The areas of evaluation rated by users included: Ease of Carry; Run Time; Ergonomic Fit; Brightness; Features; Flexibility of Light Output; Switch Function; Practical Use; Durability; Beam Distance; and Beam Width. The following flashlights were tested: 5.11 Tactical’s ATAC L2; Brite-Strike’s BD-198; Pelican’s 7060; Streamlight’s Stinger DS; Surefire’s G2X Tactical; and ASP’s Triad 4. The lights were rated using a scale of 1–5 (1 = Poor, 5 = Very Good). The reviewers were also asked for their overall opinion of each light. Following is a detailed description of each light and a summary of the results and how each light ranked.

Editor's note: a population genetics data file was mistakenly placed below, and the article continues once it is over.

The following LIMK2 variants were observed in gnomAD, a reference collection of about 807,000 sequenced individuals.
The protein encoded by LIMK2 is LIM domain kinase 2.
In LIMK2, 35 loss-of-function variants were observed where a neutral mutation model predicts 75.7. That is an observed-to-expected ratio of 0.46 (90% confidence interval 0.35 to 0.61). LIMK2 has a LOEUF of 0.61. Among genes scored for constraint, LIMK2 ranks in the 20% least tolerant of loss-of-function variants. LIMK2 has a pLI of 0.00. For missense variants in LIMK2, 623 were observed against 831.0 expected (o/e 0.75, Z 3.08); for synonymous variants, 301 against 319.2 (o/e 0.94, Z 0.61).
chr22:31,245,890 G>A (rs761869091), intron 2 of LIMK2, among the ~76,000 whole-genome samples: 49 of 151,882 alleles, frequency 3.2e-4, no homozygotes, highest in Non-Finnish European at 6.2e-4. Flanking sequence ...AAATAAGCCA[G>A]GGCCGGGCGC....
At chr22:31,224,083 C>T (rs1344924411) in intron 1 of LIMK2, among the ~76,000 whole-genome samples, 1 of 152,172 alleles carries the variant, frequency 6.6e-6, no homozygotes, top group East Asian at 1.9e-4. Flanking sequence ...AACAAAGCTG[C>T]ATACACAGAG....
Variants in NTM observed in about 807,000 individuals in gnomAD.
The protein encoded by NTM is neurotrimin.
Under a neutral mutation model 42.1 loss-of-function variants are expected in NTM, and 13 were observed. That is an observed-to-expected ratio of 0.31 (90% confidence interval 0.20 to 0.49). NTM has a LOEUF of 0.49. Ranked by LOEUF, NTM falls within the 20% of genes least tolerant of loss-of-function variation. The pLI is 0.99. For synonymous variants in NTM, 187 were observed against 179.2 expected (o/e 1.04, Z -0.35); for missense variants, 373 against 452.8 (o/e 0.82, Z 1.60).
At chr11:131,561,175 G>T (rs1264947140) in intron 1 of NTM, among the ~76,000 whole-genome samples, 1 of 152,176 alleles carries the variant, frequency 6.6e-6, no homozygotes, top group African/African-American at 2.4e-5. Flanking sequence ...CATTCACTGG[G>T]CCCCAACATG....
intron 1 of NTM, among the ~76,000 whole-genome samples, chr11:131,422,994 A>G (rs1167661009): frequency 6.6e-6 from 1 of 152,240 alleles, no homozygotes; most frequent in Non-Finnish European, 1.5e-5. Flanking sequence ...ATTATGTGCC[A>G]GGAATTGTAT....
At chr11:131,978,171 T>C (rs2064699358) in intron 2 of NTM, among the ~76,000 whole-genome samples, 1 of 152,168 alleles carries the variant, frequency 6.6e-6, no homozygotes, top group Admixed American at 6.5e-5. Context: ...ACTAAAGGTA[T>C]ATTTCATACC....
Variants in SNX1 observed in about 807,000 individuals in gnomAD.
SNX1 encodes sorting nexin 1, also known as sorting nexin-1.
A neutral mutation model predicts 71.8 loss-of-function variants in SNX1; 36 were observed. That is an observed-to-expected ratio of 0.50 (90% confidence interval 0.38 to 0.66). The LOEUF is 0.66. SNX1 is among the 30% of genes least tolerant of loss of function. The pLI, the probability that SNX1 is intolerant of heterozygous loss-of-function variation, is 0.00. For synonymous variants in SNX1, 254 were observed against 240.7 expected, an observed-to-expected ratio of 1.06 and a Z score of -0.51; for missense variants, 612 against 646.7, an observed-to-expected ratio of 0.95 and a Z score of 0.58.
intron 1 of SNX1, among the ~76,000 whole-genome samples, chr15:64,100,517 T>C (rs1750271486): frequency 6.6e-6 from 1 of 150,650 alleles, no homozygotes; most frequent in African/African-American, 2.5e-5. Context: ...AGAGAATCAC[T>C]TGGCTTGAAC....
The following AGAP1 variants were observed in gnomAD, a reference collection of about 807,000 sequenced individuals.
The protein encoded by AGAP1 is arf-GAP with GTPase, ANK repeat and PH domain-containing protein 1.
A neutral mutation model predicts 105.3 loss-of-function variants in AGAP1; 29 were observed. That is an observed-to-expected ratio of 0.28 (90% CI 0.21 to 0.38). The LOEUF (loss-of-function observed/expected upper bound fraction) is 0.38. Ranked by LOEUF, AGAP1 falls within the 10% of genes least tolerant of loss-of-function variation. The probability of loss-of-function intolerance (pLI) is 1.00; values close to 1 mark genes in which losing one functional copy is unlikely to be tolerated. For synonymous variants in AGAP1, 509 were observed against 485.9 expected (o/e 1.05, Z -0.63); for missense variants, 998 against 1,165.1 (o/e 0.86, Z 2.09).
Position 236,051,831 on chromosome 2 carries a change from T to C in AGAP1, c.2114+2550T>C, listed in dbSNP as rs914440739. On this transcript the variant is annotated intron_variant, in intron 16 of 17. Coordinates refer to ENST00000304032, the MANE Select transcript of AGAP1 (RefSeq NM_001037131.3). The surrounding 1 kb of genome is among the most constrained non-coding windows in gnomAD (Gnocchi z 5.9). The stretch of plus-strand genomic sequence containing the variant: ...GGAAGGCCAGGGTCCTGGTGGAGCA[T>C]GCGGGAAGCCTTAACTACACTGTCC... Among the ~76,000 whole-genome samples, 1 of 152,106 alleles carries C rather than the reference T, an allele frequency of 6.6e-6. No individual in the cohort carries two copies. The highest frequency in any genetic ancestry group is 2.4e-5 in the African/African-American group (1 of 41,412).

The ATAC™ L2 Tactical Flashlight has a two-Lithium battery power source. Powered by (2) CR123A batteries, the ATAC L2 Tactical Flashlight throws 222 ANSI FL1 lumens of light in a smooth tactical beam pattern while providing four hours of run time on HIGH and 74 hours of run time on LOW. The tactical Intelligent Switch is designed to silently cycle through all three light modes (High/Low/Strobe) using only the Momentary-On function to prevent the “Click” sound from potentially giving up an officer’s location. The Rotary Dial Lock-Out Switch allows officers to instantly lock or unlock the light with just one hand using their thumbs to prevent inadvertent activation. Another tactical feature is the Break-Away Lanyard designed to free the user’s arm from the flashlight in the event of an emergency. It is compatible with the 53144 - ATAC™ Belt Clip/ Holster Accessory and tested to ANSI FL1 Standard. The MSRP is $85.00.